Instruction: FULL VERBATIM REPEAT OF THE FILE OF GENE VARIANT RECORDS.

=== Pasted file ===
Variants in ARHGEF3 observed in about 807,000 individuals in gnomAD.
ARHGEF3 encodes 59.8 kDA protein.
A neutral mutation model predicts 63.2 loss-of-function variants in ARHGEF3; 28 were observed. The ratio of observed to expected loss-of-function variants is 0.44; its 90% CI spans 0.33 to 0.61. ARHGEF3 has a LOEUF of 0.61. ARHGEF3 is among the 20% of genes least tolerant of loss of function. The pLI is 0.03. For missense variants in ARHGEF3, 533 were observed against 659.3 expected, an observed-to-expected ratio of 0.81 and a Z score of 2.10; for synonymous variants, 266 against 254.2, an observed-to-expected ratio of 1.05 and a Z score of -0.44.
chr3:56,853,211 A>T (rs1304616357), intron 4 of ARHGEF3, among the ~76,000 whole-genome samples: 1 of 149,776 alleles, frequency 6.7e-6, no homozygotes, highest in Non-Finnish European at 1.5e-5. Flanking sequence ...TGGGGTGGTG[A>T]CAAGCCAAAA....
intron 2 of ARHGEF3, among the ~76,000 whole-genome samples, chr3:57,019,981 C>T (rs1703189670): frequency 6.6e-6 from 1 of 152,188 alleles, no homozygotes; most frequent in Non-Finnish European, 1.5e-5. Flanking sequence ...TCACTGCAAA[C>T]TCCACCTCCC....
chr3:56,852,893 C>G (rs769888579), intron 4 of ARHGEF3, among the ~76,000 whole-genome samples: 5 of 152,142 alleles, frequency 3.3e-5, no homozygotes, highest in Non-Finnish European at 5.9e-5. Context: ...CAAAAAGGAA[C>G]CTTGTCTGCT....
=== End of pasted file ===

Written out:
Variants in ARHGEF3 observed in about 807,000 individuals in gnomAD.
ARHGEF3 encodes 59.8 kDA protein.
A neutral mutation model predicts 63.2 loss-of-function variants in ARHGEF3; 28 were observed. The ratio of observed to expected loss-of-function variants is 0.44; its 90% CI spans 0.33 to 0.61. ARHGEF3 has a LOEUF of 0.61. ARHGEF3 is among the 20% of genes least tolerant of loss of function. The pLI is 0.03. For missense variants in ARHGEF3, 533 were observed against 659.3 expected, an observed-to-expected ratio of 0.81 and a Z score of 2.10; for synonymous variants, 266 against 254.2, an observed-to-expected ratio of 1.05 and a Z score of -0.44.
chr3:56,853,211 A>T (rs1304616357), intron 4 of ARHGEF3, among the ~76,000 whole-genome samples: 1 of 149,776 alleles, frequency 6.7e-6, no homozygotes, highest in Non-Finnish European at 1.5e-5. Flanking sequence ...TGGGGTGGTG[A>T]CAAGCCAAAA....
intron 2 of ARHGEF3, among the ~76,000 whole-genome samples, chr3:57,019,981 C>T (rs1703189670): frequency 6.6e-6 from 1 of 152,188 alleles, no homozygotes; most frequent in Non-Finnish European, 1.5e-5. Flanking sequence ...TCACTGCAAA[C>T]TCCACCTCCC....
chr3:56,852,893 C>G (rs769888579), intron 4 of ARHGEF3, among the ~76,000 whole-genome samples: 5 of 152,142 alleles, frequency 3.3e-5, no homozygotes, highest in Non-Finnish European at 5.9e-5. Context: ...CAAAAAGGAA[C>G]CTTGTCTGCT....